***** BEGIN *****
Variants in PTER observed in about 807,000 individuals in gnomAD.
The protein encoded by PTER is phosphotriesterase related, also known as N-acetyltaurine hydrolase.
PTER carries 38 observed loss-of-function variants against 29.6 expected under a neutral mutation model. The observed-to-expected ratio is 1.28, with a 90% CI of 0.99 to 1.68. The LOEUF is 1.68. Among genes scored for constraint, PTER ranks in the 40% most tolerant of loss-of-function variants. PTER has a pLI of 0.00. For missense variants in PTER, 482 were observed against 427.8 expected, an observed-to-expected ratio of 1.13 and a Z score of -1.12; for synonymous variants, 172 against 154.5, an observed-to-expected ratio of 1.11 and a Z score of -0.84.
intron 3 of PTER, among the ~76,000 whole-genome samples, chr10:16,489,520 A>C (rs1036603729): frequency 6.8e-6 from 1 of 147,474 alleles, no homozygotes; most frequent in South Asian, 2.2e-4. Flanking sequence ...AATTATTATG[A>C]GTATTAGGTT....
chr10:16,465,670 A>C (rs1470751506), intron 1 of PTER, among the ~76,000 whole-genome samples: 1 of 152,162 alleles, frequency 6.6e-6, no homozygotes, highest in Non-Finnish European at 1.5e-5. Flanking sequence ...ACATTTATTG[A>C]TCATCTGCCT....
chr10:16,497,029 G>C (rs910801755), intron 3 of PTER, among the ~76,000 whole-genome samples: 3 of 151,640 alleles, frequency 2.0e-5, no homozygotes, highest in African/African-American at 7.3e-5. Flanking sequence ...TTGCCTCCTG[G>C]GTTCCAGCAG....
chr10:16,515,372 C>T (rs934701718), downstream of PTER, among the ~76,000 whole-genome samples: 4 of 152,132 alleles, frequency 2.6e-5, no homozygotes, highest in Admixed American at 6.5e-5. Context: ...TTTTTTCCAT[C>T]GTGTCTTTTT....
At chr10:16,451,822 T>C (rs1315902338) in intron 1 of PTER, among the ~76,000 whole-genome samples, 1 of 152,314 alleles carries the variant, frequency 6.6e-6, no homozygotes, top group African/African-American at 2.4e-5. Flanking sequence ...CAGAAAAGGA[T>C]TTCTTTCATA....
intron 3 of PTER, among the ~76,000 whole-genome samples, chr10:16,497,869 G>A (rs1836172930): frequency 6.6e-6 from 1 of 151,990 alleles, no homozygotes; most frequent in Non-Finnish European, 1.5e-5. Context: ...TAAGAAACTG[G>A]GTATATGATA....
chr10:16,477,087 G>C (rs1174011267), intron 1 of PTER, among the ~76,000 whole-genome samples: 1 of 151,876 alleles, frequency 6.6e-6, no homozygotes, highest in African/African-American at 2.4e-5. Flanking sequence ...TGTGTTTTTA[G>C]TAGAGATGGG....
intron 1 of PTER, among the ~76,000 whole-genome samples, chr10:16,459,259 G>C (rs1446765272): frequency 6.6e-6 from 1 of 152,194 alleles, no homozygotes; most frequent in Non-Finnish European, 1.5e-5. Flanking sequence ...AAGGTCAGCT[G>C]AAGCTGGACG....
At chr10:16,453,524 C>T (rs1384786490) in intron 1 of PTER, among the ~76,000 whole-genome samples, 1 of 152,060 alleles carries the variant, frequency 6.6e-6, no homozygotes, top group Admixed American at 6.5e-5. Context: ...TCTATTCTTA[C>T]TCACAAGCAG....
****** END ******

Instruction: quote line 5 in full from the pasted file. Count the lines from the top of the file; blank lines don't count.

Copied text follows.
chr10:16,465,670 A>C (rs1470751506), intron 1 of PTER, among the ~76,000 whole-genome samples: 1 of 152,162 alleles, frequency 6.6e-6, no homozygotes, highest in Non-Finnish European at 1.5e-5. Flanking sequence ...ACATTTATTG[A>C]TCATCTGCCT....